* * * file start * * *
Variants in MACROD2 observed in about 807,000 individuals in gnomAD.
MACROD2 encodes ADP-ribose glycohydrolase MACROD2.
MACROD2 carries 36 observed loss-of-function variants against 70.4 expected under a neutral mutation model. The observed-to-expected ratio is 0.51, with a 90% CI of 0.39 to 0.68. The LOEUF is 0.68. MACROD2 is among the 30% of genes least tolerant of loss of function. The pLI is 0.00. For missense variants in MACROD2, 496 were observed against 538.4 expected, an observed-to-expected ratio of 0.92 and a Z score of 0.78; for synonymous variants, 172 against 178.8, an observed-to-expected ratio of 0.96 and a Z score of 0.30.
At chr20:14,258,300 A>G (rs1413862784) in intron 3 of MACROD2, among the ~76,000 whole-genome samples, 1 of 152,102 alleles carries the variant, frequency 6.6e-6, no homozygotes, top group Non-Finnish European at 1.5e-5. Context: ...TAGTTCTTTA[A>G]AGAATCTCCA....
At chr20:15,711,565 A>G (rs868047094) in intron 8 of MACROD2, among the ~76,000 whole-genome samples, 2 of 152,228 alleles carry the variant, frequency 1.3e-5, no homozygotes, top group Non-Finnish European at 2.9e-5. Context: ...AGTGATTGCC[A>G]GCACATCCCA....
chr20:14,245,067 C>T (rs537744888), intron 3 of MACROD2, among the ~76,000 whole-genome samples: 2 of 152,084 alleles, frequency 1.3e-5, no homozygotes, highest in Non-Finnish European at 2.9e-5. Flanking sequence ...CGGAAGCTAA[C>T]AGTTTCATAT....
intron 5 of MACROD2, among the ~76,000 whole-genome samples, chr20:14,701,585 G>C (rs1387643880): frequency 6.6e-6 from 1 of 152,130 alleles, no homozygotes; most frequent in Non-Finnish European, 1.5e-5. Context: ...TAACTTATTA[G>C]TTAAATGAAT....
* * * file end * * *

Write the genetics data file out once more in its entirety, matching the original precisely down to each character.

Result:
Variants in MACROD2 observed in about 807,000 individuals in gnomAD.
MACROD2 encodes ADP-ribose glycohydrolase MACROD2.
MACROD2 carries 36 observed loss-of-function variants against 70.4 expected under a neutral mutation model. The observed-to-expected ratio is 0.51, with a 90% CI of 0.39 to 0.68. The LOEUF is 0.68. MACROD2 is among the 30% of genes least tolerant of loss of function. The pLI is 0.00. For missense variants in MACROD2, 496 were observed against 538.4 expected, an observed-to-expected ratio of 0.92 and a Z score of 0.78; for synonymous variants, 172 against 178.8, an observed-to-expected ratio of 0.96 and a Z score of 0.30.
At chr20:14,258,300 A>G (rs1413862784) in intron 3 of MACROD2, among the ~76,000 whole-genome samples, 1 of 152,102 alleles carries the variant, frequency 6.6e-6, no homozygotes, top group Non-Finnish European at 1.5e-5. Context: ...TAGTTCTTTA[A>G]AGAATCTCCA....
At chr20:15,711,565 A>G (rs868047094) in intron 8 of MACROD2, among the ~76,000 whole-genome samples, 2 of 152,228 alleles carry the variant, frequency 1.3e-5, no homozygotes, top group Non-Finnish European at 2.9e-5. Context: ...AGTGATTGCC[A>G]GCACATCCCA....
chr20:14,245,067 C>T (rs537744888), intron 3 of MACROD2, among the ~76,000 whole-genome samples: 2 of 152,084 alleles, frequency 1.3e-5, no homozygotes, highest in Non-Finnish European at 2.9e-5. Flanking sequence ...CGGAAGCTAA[C>T]AGTTTCATAT....
intron 5 of MACROD2, among the ~76,000 whole-genome samples, chr20:14,701,585 G>C (rs1387643880): frequency 6.6e-6 from 1 of 152,130 alleles, no homozygotes; most frequent in Non-Finnish European, 1.5e-5. Context: ...TAACTTATTA[G>C]TTAAATGAAT....